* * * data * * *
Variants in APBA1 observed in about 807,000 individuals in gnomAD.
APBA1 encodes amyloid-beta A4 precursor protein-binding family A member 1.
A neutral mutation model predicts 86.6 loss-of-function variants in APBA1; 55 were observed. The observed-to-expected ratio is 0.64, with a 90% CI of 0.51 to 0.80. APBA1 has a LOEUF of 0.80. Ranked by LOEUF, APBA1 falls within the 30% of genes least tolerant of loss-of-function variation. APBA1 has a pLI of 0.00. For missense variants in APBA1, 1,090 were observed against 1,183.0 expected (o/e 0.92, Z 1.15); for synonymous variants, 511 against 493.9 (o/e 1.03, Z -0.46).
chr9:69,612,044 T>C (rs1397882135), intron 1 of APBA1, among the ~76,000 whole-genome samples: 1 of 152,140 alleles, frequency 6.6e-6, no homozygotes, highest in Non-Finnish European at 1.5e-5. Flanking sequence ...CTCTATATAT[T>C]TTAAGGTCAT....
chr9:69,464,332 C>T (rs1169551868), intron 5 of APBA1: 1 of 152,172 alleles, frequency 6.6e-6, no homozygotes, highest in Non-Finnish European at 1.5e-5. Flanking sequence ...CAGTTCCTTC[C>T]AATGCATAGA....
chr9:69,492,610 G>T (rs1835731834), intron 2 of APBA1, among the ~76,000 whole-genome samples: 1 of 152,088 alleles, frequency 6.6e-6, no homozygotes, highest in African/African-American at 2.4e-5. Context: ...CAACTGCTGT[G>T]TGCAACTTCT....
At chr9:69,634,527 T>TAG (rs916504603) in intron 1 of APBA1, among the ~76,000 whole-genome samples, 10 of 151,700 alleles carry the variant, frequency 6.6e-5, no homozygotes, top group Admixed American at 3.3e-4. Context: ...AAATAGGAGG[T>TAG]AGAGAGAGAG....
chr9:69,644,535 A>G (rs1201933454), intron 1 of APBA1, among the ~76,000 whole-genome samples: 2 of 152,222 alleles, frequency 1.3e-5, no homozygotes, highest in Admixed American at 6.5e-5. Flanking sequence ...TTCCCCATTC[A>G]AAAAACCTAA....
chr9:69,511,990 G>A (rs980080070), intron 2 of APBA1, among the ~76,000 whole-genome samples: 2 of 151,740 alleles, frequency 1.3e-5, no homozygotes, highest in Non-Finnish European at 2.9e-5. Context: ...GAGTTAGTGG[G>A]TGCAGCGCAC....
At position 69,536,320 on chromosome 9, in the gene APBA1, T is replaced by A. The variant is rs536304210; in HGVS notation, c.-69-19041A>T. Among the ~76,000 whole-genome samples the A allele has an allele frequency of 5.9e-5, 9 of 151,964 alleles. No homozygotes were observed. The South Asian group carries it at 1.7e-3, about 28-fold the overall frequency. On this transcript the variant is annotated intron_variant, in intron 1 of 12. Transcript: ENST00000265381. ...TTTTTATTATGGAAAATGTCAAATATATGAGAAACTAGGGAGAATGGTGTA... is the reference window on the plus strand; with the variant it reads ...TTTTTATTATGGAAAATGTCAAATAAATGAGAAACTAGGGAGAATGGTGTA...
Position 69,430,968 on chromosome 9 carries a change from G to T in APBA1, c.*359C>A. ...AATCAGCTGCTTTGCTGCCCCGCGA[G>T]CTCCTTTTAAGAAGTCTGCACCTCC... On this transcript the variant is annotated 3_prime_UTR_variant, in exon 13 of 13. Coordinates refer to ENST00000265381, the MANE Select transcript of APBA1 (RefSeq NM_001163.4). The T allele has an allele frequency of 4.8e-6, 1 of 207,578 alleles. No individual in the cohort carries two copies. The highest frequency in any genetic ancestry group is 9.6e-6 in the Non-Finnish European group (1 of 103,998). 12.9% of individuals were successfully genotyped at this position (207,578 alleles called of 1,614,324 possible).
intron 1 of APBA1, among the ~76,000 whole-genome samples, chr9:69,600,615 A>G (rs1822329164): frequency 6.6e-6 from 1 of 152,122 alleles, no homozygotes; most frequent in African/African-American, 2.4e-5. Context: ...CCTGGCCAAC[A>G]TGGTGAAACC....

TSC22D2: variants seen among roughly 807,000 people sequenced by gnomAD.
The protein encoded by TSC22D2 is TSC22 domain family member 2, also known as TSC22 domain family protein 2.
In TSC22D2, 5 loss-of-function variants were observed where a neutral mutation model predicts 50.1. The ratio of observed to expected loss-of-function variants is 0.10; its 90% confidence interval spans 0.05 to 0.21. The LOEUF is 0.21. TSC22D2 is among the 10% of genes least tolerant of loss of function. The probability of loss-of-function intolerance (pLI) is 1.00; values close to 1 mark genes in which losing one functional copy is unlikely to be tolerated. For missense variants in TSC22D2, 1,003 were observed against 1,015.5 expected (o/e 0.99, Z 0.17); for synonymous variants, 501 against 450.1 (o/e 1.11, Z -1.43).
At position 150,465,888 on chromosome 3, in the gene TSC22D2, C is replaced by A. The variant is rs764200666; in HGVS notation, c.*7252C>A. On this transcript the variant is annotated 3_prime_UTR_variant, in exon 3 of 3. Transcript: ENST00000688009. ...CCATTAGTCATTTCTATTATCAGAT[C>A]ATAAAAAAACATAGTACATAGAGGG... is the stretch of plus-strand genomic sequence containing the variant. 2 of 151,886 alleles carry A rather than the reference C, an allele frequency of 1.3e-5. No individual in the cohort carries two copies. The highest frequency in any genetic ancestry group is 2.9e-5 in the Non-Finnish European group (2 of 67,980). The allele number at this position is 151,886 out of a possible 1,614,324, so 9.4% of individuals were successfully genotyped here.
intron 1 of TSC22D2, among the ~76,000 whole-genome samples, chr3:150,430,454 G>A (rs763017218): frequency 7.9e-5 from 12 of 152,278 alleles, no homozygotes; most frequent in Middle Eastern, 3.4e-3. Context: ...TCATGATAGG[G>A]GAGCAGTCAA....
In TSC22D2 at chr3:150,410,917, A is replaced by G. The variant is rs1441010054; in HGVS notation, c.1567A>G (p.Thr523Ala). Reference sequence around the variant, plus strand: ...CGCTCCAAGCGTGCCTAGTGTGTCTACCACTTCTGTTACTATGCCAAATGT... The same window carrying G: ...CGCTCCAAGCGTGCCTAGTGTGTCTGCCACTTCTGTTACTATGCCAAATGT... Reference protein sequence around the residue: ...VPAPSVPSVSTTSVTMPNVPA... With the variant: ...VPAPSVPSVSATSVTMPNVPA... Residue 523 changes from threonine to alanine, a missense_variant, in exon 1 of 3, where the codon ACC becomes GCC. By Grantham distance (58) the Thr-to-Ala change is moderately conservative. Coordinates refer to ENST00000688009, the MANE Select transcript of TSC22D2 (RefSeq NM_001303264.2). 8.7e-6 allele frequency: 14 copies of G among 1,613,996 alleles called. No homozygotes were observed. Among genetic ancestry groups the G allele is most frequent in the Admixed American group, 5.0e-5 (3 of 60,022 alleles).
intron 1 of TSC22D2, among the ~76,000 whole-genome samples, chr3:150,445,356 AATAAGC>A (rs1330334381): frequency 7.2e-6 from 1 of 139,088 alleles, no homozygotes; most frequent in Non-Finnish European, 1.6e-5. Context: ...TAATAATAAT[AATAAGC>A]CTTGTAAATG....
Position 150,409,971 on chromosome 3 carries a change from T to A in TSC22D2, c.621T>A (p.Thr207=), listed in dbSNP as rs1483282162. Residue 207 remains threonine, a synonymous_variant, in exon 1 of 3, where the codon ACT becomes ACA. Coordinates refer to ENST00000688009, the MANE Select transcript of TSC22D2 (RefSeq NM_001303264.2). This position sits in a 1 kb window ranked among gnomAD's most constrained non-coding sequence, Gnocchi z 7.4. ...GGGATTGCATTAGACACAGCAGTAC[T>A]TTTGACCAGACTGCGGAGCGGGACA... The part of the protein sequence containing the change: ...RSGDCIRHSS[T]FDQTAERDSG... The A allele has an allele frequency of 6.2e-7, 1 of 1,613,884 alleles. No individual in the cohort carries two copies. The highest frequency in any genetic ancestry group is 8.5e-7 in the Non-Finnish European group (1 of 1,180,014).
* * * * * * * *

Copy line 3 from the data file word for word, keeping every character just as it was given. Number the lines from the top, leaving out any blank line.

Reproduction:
A neutral mutation model predicts 86.6 loss-of-function variants in APBA1; 55 were observed. The observed-to-expected ratio is 0.64, with a 90% CI of 0.51 to 0.80. APBA1 has a LOEUF of 0.80. Ranked by LOEUF, APBA1 falls within the 30% of genes least tolerant of loss-of-function variation. APBA1 has a pLI of 0.00. For missense variants in APBA1, 1,090 were observed against 1,183.0 expected (o/e 0.92, Z 1.15); for synonymous variants, 511 against 493.9 (o/e 1.03, Z -0.46).